What’s important for consumers to know is the CPSC has a Small Parts Ban. Toys must be tested to make sure they cannot pass through a test cylinder, which has a diameter of 1.25 inches. The cylinder has a slanted bottom, opening 1 to 2.25 inches. If a toy can pass through, it must be properly labeled: WARNING: Choking Hazard-Small Parts. Not for Children Under 3 Yrs.

Researchers identified a few toys which are being sold online without age appropriate labels this year – Hatchimals and L.O.L. Surprise toys. Parents should watch and carefully inspect every purchase you make. A good rule of thumb is to open every toy well in advance of giving it to a young children. Open it out of your children’s reach, such as in a basement.

Balloons are another product which are not being labeled properly. Balloons should come with warnings that they are a potential choking hazard to children under 8 years old. Yet, 87 percent of the latex balloons on Amazon.com carried no warnings, according the survey.

Toy Regulations

As consumers, we deal with packaging, price tags and shipping dates more than regulations. But the “Trouble in Toyland” report shares three important regulations on page 17:

  • Small Parts Ban (1979)
  • The Child Safety Prevention Act of 1994
  • The Consumer Product Safety Improvement Act of 2008

Read the 2018 “Trouble in Toyland” report.


About Breakstone, White & Gluck
Free Legal Consultation: 800-379-1244

The Boston law firm of Breakstone, White & Gluck specializes in handling personal injury and product liability cases. This holiday season, we are committed to sharing our experience through our Project KidSafe blog series focusing on toy safety.

Learn more about Breakstone, White & Gluck: www.bwglaw.com.

We hope you are never injured, but if you or a loved one are, Breakstone, White & Gluck offers a free legal consultation to help you learn your rights. Our lawyers specialize in all areas of personal injury law, including car accidents, product liability, traumatic brain injuries and medical malpractice. We represent clients in Boston, Worcester, the South Shore, the North Shore, Cape Cod, MetroWest and throughout Western Massachusetts. If we can ever help you, please call 800-379-1244 or 617-723-7676 or use our contact form.

hoverboard.jpgDespite fires and hard falls, the hoverboard was one of the year’s most popular gifts.
Reports of hoverboard fires began before the holidays. Amazon even told consumers to return some models in mid-December and notified sellers that they must provide documentation showing hoverboards are compliant with safety standards. The Consumer Product Safety Commission (CPSC) opened an investigation on Dec. 16th, after reports of 10 hoverboard-related fires in Washington, California, New York and other states. The fires often happen during charging.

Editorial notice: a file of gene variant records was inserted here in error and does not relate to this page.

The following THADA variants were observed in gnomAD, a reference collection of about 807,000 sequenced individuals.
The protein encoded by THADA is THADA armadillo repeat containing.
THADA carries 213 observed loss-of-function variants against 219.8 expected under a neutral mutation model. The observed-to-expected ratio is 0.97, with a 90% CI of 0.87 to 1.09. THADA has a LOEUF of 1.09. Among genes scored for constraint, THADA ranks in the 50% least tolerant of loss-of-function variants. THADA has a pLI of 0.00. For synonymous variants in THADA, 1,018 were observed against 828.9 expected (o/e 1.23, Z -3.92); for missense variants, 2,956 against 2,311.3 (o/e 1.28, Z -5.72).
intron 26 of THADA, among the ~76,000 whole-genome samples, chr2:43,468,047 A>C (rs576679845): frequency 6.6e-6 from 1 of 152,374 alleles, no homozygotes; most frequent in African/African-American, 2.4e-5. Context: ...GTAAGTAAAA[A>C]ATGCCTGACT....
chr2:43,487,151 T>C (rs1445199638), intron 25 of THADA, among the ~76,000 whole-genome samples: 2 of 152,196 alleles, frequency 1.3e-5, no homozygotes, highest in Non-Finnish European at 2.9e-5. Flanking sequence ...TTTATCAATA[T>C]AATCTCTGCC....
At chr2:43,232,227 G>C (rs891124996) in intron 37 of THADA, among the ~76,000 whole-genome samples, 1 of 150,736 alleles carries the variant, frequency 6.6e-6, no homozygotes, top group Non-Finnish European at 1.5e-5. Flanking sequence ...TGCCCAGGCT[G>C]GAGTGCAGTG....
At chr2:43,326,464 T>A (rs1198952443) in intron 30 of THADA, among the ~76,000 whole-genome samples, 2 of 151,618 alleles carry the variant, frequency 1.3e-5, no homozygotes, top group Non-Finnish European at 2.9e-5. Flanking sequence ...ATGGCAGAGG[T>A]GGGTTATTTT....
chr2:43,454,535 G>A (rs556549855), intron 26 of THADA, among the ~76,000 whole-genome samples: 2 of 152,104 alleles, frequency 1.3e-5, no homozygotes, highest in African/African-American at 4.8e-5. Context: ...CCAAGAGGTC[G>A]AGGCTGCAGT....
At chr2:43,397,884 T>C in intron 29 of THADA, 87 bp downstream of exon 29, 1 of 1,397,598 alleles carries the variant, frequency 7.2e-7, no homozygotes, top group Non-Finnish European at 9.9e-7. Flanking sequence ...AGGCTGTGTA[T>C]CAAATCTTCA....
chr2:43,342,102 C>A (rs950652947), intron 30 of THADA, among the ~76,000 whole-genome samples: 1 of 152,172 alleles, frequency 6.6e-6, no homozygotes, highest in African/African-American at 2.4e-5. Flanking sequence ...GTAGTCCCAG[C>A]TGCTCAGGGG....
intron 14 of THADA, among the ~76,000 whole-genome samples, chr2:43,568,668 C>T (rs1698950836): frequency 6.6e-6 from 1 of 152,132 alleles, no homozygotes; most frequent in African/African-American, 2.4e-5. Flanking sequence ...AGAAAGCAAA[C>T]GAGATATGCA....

The CPSC has also received dozens of reports of hoverboard-related falls from hospital ERs, including concussions, fractures and internal organ injuries. Christmas Day brought more injuries, revealed as photos and videos were posted to social media.

Congressman Carlos Curbelo of Florida fell when he tried out his daughter’s hoverboard. He tweeted a photo of himself wearing a sling:

“Confirmed – #hoverboard is for kids. My daughter got it. I ended up in @BaptistHealthSF #ER. #hoverboardChristmas.”

We do not think this product is safe for any age. But we agree with his colleague, Congresswoman Illeana Ros-Lehtinen of Florida, who tweeted back: “Ouch. At least it didn’t catch on fire!”


News Headlines
One headline from the Washington Post: “Thanks for ruining Christmas, hoverboards.” Below is a video from the report.

Our Thoughts

This is a dangerous product and safety concerns need to be addressed. If you received one, consider returning it. If you keep it, follow instructions for charging it. Do not charge it overnight or while you are outside the home. Also, remember most airlines have banned hoverboards due to the fire risk.

If you do ride, always wear a proper helmet and padding while using this product. Ask what the local traffic laws are before use.


Drones
Many people also received drones as holiday gifts. The Federal Aviation Administration (FAA) predicted more than 1 million drones would be gifts on Christmas Day.

drone-186.jpgOn Christmas Day, photos and videos of drones crashing on the ground, into the neighbor’s roof and even into other family members filled social media. Read this Washington Post report, “Wear a Helmet: All those Christmas Drones are Falling Out of the Sky.”

The FAA has set up a website to register drones. Anyone with an aircraft weighing from a half-pound to 55 pounds must register with the FAA. Drone owners who are 13 and older must register on the FAA website. Parents with younger children are expected to register on their behalf.